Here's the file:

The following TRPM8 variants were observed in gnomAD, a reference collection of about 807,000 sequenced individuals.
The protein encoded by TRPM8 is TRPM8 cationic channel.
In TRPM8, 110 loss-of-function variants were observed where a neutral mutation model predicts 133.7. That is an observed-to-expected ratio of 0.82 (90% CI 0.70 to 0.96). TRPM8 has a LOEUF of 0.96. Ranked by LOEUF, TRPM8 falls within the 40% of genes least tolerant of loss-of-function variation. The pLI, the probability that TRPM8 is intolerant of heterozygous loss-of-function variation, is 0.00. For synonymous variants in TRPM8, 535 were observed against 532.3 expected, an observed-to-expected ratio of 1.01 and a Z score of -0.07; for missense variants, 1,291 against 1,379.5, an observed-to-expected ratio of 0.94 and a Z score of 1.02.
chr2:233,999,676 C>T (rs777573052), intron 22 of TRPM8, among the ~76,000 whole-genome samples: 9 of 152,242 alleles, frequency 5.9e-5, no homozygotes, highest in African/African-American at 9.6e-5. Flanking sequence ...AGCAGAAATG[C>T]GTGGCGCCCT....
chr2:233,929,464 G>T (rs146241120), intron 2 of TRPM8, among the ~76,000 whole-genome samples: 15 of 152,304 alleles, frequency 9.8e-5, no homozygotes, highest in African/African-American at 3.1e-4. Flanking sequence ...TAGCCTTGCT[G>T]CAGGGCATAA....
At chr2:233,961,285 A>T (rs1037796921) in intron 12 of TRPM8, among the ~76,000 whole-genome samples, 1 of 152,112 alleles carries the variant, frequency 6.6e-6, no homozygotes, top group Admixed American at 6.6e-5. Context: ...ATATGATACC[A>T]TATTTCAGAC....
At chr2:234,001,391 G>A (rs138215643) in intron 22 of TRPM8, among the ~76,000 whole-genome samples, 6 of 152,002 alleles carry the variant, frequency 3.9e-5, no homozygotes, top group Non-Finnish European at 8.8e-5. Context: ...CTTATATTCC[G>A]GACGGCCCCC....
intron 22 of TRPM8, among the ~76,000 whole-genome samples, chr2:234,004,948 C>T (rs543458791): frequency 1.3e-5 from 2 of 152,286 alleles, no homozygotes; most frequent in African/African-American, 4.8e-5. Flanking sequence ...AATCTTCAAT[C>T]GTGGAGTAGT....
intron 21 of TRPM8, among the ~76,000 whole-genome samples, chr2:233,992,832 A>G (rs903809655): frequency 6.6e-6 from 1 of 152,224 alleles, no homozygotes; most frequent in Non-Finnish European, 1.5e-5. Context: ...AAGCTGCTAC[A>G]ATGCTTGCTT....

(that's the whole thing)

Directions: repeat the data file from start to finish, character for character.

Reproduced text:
The following TRPM8 variants were observed in gnomAD, a reference collection of about 807,000 sequenced individuals.
The protein encoded by TRPM8 is TRPM8 cationic channel.
In TRPM8, 110 loss-of-function variants were observed where a neutral mutation model predicts 133.7. That is an observed-to-expected ratio of 0.82 (90% CI 0.70 to 0.96). TRPM8 has a LOEUF of 0.96. Ranked by LOEUF, TRPM8 falls within the 40% of genes least tolerant of loss-of-function variation. The pLI, the probability that TRPM8 is intolerant of heterozygous loss-of-function variation, is 0.00. For synonymous variants in TRPM8, 535 were observed against 532.3 expected, an observed-to-expected ratio of 1.01 and a Z score of -0.07; for missense variants, 1,291 against 1,379.5, an observed-to-expected ratio of 0.94 and a Z score of 1.02.
chr2:233,999,676 C>T (rs777573052), intron 22 of TRPM8, among the ~76,000 whole-genome samples: 9 of 152,242 alleles, frequency 5.9e-5, no homozygotes, highest in African/African-American at 9.6e-5. Flanking sequence ...AGCAGAAATG[C>T]GTGGCGCCCT....
chr2:233,929,464 G>T (rs146241120), intron 2 of TRPM8, among the ~76,000 whole-genome samples: 15 of 152,304 alleles, frequency 9.8e-5, no homozygotes, highest in African/African-American at 3.1e-4. Flanking sequence ...TAGCCTTGCT[G>T]CAGGGCATAA....
At chr2:233,961,285 A>T (rs1037796921) in intron 12 of TRPM8, among the ~76,000 whole-genome samples, 1 of 152,112 alleles carries the variant, frequency 6.6e-6, no homozygotes, top group Admixed American at 6.6e-5. Context: ...ATATGATACC[A>T]TATTTCAGAC....
At chr2:234,001,391 G>A (rs138215643) in intron 22 of TRPM8, among the ~76,000 whole-genome samples, 6 of 152,002 alleles carry the variant, frequency 3.9e-5, no homozygotes, top group Non-Finnish European at 8.8e-5. Context: ...CTTATATTCC[G>A]GACGGCCCCC....
intron 22 of TRPM8, among the ~76,000 whole-genome samples, chr2:234,004,948 C>T (rs543458791): frequency 1.3e-5 from 2 of 152,286 alleles, no homozygotes; most frequent in African/African-American, 4.8e-5. Flanking sequence ...AATCTTCAAT[C>T]GTGGAGTAGT....
intron 21 of TRPM8, among the ~76,000 whole-genome samples, chr2:233,992,832 A>G (rs903809655): frequency 6.6e-6 from 1 of 152,224 alleles, no homozygotes; most frequent in Non-Finnish European, 1.5e-5. Context: ...AAGCTGCTAC[A>G]ATGCTTGCTT....